Recruitment and morale at risk over pay restraint, NHS Confederation warns
The NHS is in danger of facing a recruitment and morale crisis if the government does not address major concerns over pay freezes and the right to remain for European Union (EU) workers, a senior health figure has warned.
The NHS is in danger of facing a recruitment and morale crisis if the government does not address major concerns over pay freezes and the right to remain for EU workers, a senior health figure has warned
Niall Dickson, chief executive of the NHS Confederation, which represents health service organisations across England, said he fears staff will flee the NHS in the coming years unless measures are taken to improve pay and conditions.
Writing on theGuardian.com, Mr Dickson issued a stark warning over the future of the health service.
He said: 'Given the financial and demand pressures on the service in recent years, some pay restraint has been necessary and inevitable, but it is also obvious there will be a limit on how far this can be taken before it affects recruitment and morale.
'Finding front-line nurses to staff wards is a common problem with time wasted trying to fill rotas and in spite of some heroic efforts, too much money spent on agencies and locum staff, with the NHS continuing to spend £250 million per month on agency staff.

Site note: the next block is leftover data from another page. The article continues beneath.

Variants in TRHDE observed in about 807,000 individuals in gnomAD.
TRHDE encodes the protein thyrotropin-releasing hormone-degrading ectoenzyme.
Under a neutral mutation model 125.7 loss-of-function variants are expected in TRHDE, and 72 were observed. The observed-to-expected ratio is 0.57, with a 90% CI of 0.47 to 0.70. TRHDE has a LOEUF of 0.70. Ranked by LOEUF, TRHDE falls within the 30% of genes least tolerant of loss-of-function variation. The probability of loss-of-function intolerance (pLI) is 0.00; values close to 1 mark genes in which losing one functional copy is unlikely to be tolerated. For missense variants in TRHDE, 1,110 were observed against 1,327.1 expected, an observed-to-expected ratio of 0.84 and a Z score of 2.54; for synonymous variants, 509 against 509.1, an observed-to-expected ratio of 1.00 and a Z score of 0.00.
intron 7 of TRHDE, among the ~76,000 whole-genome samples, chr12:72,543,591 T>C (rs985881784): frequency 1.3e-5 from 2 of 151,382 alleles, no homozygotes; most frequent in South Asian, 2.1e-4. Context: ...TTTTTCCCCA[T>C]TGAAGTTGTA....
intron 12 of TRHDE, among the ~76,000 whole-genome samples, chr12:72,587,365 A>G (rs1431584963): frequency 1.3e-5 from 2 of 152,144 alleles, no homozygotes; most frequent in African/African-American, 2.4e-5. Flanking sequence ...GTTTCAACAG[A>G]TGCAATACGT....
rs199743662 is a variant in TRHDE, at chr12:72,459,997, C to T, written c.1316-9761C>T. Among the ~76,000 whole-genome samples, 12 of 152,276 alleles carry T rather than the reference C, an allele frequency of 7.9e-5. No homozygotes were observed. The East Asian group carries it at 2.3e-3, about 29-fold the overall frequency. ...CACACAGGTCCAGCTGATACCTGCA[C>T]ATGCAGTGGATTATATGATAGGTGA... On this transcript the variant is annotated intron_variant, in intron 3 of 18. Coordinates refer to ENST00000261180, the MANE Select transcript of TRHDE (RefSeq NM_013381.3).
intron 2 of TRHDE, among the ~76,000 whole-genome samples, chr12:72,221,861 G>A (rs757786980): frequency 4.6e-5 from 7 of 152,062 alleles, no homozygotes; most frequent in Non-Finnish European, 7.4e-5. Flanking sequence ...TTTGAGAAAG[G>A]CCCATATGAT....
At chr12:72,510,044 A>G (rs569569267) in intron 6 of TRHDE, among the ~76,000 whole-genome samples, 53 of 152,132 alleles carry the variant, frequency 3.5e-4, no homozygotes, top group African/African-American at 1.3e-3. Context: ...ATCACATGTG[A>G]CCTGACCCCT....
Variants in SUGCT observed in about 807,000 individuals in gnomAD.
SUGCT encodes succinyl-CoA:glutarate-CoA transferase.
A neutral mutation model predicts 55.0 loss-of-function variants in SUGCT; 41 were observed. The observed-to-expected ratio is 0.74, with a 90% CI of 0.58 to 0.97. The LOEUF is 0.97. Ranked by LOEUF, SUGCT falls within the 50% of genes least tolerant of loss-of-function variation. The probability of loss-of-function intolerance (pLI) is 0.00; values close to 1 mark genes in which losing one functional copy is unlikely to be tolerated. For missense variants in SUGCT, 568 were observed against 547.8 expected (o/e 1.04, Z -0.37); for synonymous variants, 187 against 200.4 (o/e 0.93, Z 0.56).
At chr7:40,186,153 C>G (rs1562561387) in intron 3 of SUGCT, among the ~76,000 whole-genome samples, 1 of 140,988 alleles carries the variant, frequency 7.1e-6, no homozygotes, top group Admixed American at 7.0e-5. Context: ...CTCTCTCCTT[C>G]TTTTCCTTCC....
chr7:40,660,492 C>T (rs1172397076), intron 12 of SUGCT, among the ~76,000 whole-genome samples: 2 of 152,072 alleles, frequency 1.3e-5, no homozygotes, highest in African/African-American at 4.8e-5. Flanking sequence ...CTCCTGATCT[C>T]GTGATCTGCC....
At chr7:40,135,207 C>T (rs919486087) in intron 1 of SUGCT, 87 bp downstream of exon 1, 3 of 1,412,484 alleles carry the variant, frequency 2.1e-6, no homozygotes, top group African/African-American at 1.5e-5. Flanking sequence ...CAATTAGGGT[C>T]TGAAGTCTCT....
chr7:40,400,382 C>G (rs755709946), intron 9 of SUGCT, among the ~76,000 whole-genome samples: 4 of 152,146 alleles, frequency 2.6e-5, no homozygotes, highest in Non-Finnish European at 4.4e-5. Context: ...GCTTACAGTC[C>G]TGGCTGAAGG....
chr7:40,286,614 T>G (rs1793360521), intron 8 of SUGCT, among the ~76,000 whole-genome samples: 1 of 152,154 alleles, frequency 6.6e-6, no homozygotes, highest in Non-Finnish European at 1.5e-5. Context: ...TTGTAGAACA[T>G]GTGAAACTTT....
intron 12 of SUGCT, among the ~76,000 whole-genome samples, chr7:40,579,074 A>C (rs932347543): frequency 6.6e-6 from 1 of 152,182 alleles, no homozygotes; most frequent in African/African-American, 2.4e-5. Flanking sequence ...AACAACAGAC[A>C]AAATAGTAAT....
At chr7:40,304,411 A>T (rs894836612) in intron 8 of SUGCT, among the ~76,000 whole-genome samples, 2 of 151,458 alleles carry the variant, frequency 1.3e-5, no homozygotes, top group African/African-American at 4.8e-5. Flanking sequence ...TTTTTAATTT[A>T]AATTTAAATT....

'An unless we deal quickly and effectively with the plight of EU nationals working here and sort out our future policies on migration, the shortages will become more serious.'
Mr Dickson said 'radical change and imagination is required' to find a solution to the problems currently facing the NHS.
He said: 'More doctors and nurses in key areas will be part of the answer, including training more of our own, but we also need new types of staff to meet patients' changing needs, new approaches to training and greater flexibility in all professions to meet a rapidly changing world.'
In March it was announced that health workers ranging from nurses, midwives, doctors, cleaners and porters would receive just a 1% pay rise in the 2017-18 pay round, angering union leaders.
The government said it had accepted recommendations from the Independent NHS Pay Review Body for increases in the coming year and it was 'pleased' to offer the salary increase.
Unions called the rise 'derisory', especially as fuel, food and transport costs were increasing.
In other news